Your domain name is important.
Not only is it a crucial component of your brand, it serves many practical reasons and it also makes it easy for people to find and share your website with others. As such, you want your domain to be easy-to-remember.
However, with over 1.7 billion websites in existence, there is a good chance that your dream domain name has been registered by someone else.
Table of Content
- Aftermarket Domain Names
- Why It’s Worthwhile to Seek Out Aftermarket Domain Names
- How Much Are Domain Names Worth
- Price Gouging and Other Nefarious Behaviors
- Buying Aftermarket Domain Names
Does that mean that you should move on and pick another domain? Not yet.
In this article, we will take a look at how you can buy a domain name that is already registered with someone else.
Aftermarket Domain Names
A domain name that has been registered by someone is called an aftermarket domain name or a secondary domain name. the question which people ask which is how to buy a domain from someone, If someone has already registered a domain name, there are two ways for you to purchase it:
- You can buy it once the current registration expires.
- You can purchase it from the owner.
Why It’s Worthwhile to Seek Out Aftermarket Domain Names
When you set up a website, your web hosting provider will likely offer you a free domain name with the purchase of a web hosting package. So, why go through the trouble of seeking out aftermarket or secondary domain names? And, why wouldn’t you take the easier route of opting for another easy-to-remember domain name, but with an alternative extension (e.g., .tech or .space)?
Well, the right domain can be hard to find.
Because there are so many websites in existence, a memorable domain name that reflects your brand is likely taken. Furthermore, you might have seen alternative domain name extensions, such as .tech, .space, or .me. But, the assumed extension for most sites is .com, which (again) limits your options considerably.
Remember, a domain name should be memorable and brandable.
It might take a bit of work for you to purchase exampleCo.com, but if that means you don’t have to settle for exampleCompanyUSA.com, it’s worth it. The first option is shorter (and therefore easier for visitors to remember and use) while still retaining your brand’s name fully.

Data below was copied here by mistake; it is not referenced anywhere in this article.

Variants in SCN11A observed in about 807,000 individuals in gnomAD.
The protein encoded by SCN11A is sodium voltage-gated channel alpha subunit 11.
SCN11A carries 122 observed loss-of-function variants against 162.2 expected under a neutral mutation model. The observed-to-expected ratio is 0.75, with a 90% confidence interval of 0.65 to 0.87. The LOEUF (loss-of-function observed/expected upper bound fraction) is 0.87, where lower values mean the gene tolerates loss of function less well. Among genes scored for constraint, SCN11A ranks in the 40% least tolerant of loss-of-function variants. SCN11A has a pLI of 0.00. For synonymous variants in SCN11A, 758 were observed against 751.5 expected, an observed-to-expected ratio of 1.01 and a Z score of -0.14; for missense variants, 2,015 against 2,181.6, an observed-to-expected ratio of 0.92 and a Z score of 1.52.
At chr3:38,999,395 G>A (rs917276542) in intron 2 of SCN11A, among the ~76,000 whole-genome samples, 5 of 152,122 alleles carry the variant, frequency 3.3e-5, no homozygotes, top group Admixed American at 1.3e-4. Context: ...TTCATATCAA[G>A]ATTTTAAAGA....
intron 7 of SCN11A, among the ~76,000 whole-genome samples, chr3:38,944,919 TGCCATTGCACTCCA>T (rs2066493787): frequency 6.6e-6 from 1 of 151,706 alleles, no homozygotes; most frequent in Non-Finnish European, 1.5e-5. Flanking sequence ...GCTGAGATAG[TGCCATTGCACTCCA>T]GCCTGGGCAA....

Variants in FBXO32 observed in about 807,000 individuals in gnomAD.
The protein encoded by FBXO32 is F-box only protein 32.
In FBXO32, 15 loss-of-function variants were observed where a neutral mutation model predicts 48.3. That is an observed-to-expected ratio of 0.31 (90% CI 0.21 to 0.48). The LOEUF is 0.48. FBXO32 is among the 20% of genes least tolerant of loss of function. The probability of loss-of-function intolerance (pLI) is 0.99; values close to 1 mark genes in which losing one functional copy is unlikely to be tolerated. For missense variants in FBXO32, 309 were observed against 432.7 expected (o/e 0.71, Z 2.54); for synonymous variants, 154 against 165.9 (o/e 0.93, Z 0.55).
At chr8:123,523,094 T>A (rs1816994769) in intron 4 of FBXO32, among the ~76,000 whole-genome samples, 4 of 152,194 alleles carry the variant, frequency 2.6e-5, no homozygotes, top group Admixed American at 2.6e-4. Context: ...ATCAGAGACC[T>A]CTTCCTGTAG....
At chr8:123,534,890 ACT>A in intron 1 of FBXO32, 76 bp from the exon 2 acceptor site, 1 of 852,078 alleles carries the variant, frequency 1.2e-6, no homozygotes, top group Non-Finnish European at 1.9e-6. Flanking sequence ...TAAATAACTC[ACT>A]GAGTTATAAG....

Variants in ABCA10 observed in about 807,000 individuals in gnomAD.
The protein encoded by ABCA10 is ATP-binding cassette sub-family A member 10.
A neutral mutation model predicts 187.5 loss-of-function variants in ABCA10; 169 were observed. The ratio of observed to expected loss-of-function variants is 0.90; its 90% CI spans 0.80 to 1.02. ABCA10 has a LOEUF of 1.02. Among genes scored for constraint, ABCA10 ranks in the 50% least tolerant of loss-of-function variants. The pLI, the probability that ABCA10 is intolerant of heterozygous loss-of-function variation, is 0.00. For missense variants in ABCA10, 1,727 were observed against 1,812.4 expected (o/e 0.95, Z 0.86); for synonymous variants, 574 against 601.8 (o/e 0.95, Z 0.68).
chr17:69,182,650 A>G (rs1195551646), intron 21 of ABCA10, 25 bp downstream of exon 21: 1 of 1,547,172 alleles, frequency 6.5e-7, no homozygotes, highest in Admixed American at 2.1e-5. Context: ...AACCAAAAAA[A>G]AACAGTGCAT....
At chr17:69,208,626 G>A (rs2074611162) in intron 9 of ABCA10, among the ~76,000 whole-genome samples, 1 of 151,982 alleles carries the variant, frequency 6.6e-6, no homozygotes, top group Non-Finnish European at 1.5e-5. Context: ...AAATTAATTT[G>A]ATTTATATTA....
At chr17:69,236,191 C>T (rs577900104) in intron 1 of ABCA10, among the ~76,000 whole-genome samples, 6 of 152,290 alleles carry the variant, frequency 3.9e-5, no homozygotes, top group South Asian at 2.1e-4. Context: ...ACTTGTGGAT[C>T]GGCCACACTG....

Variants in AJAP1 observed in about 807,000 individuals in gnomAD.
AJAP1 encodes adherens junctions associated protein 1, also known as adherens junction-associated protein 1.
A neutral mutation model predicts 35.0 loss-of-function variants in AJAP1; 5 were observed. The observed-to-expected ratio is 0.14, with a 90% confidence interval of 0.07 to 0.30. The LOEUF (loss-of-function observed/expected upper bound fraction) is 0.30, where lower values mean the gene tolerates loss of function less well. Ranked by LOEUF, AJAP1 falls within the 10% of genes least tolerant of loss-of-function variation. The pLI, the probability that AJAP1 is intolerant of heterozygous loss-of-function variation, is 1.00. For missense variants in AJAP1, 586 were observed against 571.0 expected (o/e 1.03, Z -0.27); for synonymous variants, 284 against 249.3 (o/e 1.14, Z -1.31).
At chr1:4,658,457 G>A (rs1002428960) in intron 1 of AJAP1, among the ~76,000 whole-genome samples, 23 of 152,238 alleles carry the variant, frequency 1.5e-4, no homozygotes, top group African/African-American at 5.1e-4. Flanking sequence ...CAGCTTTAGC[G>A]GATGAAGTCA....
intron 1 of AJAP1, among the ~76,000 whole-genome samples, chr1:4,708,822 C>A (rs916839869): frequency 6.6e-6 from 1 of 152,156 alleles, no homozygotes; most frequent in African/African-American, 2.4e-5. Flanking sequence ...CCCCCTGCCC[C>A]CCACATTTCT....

(Imagine if you had to use AmazonTheEverythingStore.com instead of Amazon.com!)
How Much Are Domain Names Worth?
When it comes to domain names, its price depends on how much it is valued on the internet marketplace. Per Sedo, a marketplace where you can purchase secondary domains, the average cost of a secondary domain name is $1839.
However, if this sounds steep to you, know that most sales (47%) cost less than $500, which tells us the average cost is driven up by several (very expensive) outliers.
So what are the factors that influence how much a domain name is worth? In general, the higher its commercial value, the more you’ll have to pay to take possession of it. Things increasing a domain’s commercial value include:
- Its use of valuable search engines keywords
- It’s ranking in search engines
- The amount of traffic the domain gets
However, don’t just take the word of the seller regarding a domain name’s retail value. Before you commit to purchasing a domain name for a high price (or any price, really), we recommend that you check its historical sale prices using tools like NameBio.
Moreover, you should know about possible discounts or coupons some hosting providers offer along with their hosting services so that you don’t miss a chance to buy a domain name for as little as $0.99, for example.
In general, we expect growth and the price of a domain name to increase over time, but you should be wary of any spikes in price that cannot be explained.
Price Gouging and Other Nefarious Behaviors
In the past, there were a lot of malicious folks who squatted on names, driving up prices, and then making a hefty sum since the supply of high-quality domain names were diminishing.
Sometimes, the malicious parties purchased domain names they speculate will increase in value in the future. They might also engage in typosquatting, which is where they purchase domain names that are mistyped versions of commonly-used domains (e.g., amaazon.com or amzon.com).
Bigger brands sometimes purchase these domain names to help “catch” traffic that would otherwise fall through or prevent malicious parties from using these URLs to help spread malware. Because these actions are important for preserving the company’s public image, the owners of the mistyped URLs will sometimes try to gouge the company during the buying/selling process.